Roberto Saviano used to cruise around Naples on his Vespa for material that would one day fill his book about the criminal underworld. His anonymity provided ample cover as he trolled for tips and frequented murder scenes. "Over time, my face became known," the 28-year-old writes in Gomorra, a riveting account of the Naples Mob. "[But] in territory under surveillance every second … anything that isn't a hindrance is considered neutral."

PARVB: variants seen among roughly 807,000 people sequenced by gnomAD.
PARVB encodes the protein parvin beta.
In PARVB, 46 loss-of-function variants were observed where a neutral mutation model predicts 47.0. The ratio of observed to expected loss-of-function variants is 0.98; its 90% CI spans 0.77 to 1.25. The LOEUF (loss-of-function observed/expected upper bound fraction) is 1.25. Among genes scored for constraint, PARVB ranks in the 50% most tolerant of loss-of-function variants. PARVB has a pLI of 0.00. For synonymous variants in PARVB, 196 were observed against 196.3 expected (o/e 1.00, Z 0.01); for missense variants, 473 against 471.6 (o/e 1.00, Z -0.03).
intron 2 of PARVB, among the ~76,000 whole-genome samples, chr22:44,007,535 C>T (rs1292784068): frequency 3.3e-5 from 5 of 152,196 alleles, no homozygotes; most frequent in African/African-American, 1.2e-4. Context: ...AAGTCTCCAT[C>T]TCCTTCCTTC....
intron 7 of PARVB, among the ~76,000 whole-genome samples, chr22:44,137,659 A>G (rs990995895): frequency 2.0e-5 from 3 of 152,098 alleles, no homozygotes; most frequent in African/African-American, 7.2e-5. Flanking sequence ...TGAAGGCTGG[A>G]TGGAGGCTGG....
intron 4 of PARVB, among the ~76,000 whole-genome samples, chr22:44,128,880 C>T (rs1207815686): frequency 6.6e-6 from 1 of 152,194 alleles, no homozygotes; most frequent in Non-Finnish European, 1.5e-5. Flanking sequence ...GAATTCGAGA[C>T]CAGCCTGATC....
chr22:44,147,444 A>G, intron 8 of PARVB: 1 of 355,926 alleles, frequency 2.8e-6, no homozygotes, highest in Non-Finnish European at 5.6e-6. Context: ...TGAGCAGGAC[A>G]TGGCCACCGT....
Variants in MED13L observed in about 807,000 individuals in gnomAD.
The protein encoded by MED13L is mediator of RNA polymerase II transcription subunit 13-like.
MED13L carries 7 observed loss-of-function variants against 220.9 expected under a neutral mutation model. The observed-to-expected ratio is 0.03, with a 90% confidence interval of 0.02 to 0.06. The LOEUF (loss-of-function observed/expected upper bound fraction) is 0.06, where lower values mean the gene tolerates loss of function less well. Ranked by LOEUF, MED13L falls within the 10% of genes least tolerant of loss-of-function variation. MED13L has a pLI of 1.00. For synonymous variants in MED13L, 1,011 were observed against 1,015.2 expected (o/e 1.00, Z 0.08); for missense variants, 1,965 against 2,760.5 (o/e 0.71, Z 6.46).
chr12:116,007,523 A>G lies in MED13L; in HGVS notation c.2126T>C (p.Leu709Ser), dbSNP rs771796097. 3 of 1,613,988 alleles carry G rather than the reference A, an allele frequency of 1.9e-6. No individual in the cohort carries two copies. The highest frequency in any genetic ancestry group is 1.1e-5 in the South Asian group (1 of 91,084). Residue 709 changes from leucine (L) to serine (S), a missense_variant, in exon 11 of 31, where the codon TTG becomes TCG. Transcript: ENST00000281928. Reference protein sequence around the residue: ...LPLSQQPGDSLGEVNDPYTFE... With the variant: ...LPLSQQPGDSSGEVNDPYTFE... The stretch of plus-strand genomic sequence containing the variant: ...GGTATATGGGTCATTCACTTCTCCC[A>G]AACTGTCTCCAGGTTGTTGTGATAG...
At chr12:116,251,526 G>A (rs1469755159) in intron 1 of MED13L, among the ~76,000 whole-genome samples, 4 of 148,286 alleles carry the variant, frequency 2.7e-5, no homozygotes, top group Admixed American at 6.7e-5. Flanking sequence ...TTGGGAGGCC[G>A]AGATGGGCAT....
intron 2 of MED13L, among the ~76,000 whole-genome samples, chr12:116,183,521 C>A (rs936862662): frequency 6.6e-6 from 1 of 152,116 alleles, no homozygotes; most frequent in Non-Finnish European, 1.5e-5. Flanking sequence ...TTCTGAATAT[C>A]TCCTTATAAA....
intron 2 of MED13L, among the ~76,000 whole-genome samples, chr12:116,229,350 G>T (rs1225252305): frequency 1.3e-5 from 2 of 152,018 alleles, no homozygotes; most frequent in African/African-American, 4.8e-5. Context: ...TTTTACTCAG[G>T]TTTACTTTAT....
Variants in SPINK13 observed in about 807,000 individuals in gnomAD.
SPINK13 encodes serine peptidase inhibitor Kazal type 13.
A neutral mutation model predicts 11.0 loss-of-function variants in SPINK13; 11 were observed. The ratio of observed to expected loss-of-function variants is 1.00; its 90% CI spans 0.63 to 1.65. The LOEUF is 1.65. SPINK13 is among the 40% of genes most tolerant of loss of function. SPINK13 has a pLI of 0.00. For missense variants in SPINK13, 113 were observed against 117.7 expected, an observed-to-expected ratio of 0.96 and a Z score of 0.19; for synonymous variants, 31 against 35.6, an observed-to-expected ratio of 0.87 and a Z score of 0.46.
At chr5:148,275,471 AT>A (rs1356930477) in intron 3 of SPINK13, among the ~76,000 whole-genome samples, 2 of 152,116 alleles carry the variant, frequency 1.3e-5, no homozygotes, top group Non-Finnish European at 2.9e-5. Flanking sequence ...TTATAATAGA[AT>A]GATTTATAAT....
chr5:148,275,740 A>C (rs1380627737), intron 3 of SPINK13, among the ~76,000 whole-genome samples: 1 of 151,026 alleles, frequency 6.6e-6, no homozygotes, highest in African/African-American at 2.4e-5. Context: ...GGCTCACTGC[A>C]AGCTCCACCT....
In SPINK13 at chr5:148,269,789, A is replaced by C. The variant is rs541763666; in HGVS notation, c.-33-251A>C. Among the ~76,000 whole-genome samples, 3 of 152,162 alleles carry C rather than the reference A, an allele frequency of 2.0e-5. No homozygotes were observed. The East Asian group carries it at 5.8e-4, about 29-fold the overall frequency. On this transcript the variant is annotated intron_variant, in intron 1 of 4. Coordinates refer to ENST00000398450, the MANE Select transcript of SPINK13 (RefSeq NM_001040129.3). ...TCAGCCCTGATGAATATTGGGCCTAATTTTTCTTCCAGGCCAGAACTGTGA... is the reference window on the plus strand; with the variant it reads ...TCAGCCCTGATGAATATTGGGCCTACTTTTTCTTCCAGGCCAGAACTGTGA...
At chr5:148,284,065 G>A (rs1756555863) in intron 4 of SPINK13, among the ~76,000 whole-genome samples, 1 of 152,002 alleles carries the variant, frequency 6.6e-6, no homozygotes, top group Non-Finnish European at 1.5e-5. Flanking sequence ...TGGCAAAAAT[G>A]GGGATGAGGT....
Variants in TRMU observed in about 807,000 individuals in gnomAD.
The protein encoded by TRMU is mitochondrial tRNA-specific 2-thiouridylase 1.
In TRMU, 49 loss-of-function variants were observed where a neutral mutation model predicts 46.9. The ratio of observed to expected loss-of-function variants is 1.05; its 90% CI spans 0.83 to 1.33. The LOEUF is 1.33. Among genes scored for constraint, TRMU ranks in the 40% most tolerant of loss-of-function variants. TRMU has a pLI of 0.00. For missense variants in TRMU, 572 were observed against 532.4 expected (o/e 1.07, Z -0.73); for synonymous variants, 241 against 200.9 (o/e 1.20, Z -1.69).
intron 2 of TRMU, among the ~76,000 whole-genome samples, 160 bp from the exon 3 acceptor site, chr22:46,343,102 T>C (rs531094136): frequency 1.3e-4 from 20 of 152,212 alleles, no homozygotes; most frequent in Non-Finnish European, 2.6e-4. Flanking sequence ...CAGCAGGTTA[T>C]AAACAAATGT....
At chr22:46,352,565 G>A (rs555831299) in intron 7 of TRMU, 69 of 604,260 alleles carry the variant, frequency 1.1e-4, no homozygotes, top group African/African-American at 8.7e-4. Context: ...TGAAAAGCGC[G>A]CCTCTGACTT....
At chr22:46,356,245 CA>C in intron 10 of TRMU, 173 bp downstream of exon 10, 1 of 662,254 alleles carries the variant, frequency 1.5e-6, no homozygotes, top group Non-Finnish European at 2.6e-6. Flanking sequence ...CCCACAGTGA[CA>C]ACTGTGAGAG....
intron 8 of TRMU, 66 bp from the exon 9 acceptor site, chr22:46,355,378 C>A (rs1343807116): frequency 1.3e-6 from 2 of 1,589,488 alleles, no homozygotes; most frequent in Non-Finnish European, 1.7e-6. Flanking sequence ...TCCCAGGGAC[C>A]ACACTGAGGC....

But with 100,000 copies sold since April, Saviano is no longer considered neutral, and no longer safe. After getting death threats from the local organized crime syndicate, he's keeping a low profile under 24-hour guard. Umberto Eco has compared the situation to the Islamic fatwa against Salman Rushdie, but the mob's violent persecution of muckrakers is, in fact, a particularly Italian legacy. "You need journalists," says Giovanni De Mauro, a Rome magazine editor whose journalist uncle was killed by the mob. "But then the battle must be waged by politicians and law enforcement." One day, they might help get Saviano back on his Vespa.